Return to Monterey

The Monterey Peninsula has long been one of our favorite destinations. It has natural beauty and very pleasant dining opportunities. Just 2 hours south of San Francisco, it is an ideal place to break away, especially for those who can do so during the off-season.

Return to Monterey

Member Rating 0 out of 5 by becks on February 21, 2005

Our first visit to Monterey was not exactly voluntary. We were on a United Airlines flight from Mexico City to San Francisco when the drinks service was summarily suspended to prepare for an earlier-than-scheduled arrival. However, fog at San Francisco Airport meant that we went into a holding pattern. Circling above the Monterey Peninsula, we wished we knew about it previously, as it looked a rather superb place to spend a relaxing few days. Now, careful what you wish for... Next thing we knew, we had landed at Monterey Airport to refuel and await fog clearing at San Francisco. International flight + domestic airport = almost two additional hours in the Airbus on the tarmac. Once airborne again, there was no time to loosen seatbelts. The hop-over to San Francisco International took only 15 minutes.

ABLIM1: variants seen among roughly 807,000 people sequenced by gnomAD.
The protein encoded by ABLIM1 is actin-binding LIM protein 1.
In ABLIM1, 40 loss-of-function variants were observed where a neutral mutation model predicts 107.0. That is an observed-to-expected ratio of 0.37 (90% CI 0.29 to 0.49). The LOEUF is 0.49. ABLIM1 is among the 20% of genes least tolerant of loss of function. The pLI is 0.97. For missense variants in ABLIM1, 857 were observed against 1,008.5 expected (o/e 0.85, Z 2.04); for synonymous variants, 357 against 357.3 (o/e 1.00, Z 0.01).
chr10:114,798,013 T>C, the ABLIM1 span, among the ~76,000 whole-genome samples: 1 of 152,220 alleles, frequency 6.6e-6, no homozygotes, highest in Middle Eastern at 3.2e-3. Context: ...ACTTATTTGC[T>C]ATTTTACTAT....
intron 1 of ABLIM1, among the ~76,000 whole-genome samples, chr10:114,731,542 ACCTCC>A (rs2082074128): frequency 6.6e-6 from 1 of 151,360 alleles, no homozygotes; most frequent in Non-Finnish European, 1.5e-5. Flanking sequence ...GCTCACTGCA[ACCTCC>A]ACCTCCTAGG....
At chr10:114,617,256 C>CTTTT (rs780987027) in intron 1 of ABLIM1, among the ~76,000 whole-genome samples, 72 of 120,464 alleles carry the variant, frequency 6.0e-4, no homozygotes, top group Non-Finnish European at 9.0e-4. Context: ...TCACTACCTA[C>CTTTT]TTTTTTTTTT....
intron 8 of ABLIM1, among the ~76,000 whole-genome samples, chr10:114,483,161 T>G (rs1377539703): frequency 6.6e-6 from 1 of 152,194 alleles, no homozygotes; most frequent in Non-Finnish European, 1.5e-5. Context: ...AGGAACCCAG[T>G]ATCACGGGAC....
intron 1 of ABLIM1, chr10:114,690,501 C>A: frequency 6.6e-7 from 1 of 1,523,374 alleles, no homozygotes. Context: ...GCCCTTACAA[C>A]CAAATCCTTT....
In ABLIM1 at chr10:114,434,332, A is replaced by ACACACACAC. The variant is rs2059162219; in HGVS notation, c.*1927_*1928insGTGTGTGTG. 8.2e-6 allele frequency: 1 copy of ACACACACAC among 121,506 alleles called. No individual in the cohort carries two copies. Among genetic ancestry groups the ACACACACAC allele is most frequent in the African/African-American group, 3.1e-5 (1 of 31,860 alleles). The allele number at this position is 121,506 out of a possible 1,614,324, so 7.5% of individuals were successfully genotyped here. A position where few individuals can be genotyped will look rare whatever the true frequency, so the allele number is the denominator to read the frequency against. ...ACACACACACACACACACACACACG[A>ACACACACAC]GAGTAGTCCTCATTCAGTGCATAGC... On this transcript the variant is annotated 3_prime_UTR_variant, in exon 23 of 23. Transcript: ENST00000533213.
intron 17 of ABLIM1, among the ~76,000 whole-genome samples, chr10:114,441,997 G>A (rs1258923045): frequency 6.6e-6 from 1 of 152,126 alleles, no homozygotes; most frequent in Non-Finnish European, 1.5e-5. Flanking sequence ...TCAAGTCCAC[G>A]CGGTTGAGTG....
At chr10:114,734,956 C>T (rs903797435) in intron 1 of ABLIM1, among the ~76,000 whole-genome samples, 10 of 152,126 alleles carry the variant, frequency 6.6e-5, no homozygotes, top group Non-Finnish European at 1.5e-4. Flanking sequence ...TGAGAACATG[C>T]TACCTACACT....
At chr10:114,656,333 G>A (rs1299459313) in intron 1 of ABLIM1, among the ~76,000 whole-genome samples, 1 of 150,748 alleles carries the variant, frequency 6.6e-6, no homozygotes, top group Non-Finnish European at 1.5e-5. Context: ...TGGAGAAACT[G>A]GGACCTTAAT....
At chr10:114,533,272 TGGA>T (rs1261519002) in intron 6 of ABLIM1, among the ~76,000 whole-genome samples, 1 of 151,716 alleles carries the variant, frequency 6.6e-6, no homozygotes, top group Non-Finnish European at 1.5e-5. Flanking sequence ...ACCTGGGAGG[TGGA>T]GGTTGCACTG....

A year later, Monterey was our primary destination, and the year thereafter, we opted for Carmel. Back then, we could hardly imagine that after five annual visits to California, it would take more than six years before we would head to Monterey again. However, in November 2004, after two years of traveling extensively in especially Germany, we had simply had enough of high culture, museums, galleries, cathedrals, and places where buildings younger than two centuries old are often considered new. We wanted a vacation without culture. L.A. and Las Vegas would have been natural choices, but we were not that desperate. Beautiful nature and fine food would do, so we headed back to San Francisco and a few good days on the Monterey Peninsula.

Having done the sights on previous visits, we were under no pressure to see or do anything in particular. We just relaxed and ventured wherever our whims took us. The coastline, especially towards Pacific Grove, is wonderful to stroll along and free of the commercial excesses of the more famous Cannery Row area.